The mystery of sleep

The talk above is by Giulio Tononi, of the University of Wisconsin on “Sleep function and synaptic homeostasis” – stop yawning at the back! Its about 20 minutes long and is comprehensible for around the first 5 minutes.

I have been dieting lately, restricting my calorie intake to somewhere around 1500 calories* per day. I am using the H-plan® diet – where the H stands for hunger: basically the idea is to avoid panic when I feel hungry and just get used to the feeling. Well I am losing weight (of which more later), but the diet has had a side-effect: I don’t need as much sleep. I know that after eating a big meal I would feel especially sleepy, and I wonder if this is just a re-bound from having previously eaten too many large meals?

Normally I sleep for just under 8 hours but crave for more. Currently I am sleeping for 7 and waking refreshed.  I have looked on-line for explanations, or corroboration that this is a genuine effect and found nothing. Why I should feel the need for corroboration of something I am experiencing is something else I don’t understand! But even though it appears to be just me, it certainly lifts my mood.

With my current surfeit of wakefulness, I came across a discussion on Quora about sleep, linked to a talk on YouTube (see top of the page) addressing the fundamental question: What is sleep for? Hearing the basic facts of sleep read out (about 1 minute into the talk) it seemed amazing that we don’t have an answer to the question. Sleep is central to our lives – both personally and as part of of our symbiotic relationship with our spinning planet – and essential to our health. And yet we not know the answer to something so basic as ‘What is it for?’. Wow.

I was reminded of the role of the Sun in our lives. Our lives and cultures are based around the action of sunlight on the Earth, and yet we never look at the Sun directly – it would damage us if we did so. Similarly with sleep, because we lose consciousness during sleep – it evades our gaze.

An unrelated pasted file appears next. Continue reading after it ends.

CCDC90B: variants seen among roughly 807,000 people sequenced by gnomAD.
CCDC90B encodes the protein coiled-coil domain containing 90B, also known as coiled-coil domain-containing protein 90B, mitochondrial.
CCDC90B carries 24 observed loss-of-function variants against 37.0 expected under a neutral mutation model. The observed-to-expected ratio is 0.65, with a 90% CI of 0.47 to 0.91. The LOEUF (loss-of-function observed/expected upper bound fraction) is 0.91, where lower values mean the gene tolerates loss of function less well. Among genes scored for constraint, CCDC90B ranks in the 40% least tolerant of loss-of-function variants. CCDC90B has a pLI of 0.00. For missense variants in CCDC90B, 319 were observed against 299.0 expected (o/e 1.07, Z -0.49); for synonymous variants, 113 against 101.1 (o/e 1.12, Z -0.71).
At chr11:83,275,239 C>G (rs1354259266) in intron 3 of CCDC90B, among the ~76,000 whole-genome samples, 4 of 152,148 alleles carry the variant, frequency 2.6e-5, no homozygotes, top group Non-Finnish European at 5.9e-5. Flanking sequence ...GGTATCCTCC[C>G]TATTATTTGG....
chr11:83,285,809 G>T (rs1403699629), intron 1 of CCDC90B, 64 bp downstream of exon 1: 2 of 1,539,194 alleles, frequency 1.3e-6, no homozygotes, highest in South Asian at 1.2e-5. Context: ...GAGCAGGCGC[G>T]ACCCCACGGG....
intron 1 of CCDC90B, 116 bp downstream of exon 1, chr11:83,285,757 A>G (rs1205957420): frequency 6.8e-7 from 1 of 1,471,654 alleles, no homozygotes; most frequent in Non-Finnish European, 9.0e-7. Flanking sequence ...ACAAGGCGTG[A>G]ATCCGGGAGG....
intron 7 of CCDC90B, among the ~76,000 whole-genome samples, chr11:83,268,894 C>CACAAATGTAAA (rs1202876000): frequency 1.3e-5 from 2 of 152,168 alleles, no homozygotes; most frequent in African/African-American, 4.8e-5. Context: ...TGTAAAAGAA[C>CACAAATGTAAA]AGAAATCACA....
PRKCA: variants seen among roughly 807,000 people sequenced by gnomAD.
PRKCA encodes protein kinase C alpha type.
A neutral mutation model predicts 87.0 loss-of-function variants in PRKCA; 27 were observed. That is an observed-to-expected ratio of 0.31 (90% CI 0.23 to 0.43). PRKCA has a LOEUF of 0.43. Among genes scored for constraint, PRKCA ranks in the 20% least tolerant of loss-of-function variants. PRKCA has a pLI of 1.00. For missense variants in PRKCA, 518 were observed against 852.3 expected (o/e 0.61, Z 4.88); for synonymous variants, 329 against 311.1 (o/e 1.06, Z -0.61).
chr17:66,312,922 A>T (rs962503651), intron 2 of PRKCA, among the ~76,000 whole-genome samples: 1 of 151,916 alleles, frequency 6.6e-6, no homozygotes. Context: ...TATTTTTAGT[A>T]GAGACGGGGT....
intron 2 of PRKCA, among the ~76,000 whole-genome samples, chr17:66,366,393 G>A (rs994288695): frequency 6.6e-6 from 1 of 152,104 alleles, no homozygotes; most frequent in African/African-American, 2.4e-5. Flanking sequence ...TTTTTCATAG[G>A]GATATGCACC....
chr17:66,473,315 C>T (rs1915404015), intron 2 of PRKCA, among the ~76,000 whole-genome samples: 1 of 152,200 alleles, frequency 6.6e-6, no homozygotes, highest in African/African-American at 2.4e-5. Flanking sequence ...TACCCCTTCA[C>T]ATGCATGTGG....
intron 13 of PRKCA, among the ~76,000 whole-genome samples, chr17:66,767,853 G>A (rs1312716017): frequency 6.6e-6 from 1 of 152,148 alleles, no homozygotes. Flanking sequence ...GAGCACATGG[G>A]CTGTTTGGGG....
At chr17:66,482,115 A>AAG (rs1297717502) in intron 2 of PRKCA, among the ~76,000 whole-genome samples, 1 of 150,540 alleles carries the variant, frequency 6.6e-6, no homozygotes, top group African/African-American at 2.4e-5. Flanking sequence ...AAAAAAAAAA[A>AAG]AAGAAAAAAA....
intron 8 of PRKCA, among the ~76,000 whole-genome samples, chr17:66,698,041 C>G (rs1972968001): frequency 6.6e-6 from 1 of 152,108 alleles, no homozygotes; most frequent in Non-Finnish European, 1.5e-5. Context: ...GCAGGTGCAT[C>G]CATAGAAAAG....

*1 calorie is a dietary unit of energy approximately equal to 4200 joules.

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4 Responses to “The mystery of sleep”

  1. Emma Says:

    My experiences of sleep include the following:

    I like to sleep 9 hours a night. I can survive on 7, as long as there is an unbroken period of 3 hours during the night.

    If I don’t get a continuous sleep of at least 3 hours at some point during the night, during the following day my temperature goes up around 4pm and I get all the symptoms of fever.

    If I breastfeed a baby back to sleep, I fall back to sleep immediately myself. If I’m woken up for any other reason it takes me ages to go back to sleep.

    When your sleep is disturbed night after night after night for 2 years you become obsessed… but you completely forget what it was like after just a couple of weeks of proper sleep.

    And related to the topic above – if my sleep is disturbed I get extremely hungry in the daytime.

    Good luck with your hunger diet (I hope there are nice soups in the canteen), though I question the sense in ignoring your body’s natural energy balance feedback system. Doesn’t it make it harder to keep the weight off when you stop the diet? I’ve found “eat when you’re hungry, stop when you’re satisfied” (i.e. listen to your own body) to be a useful approach in controlling my own weight.

  2. protonsforbreakfast Says:

    There is a blog in the pipeline about my inability to keep my body weight stable. It is very irritating!

  3. Dave Says:

    Steven Pinker was on Radio 4 a while back. He made a point that sleep doesn’t have to be “for” anything. If the saving of shutting down for a period outweighs the cost of not being able to respond to events, evolution will select for sleep.

  4. Alex Says:

    This book will scientifically explain why we sleep.

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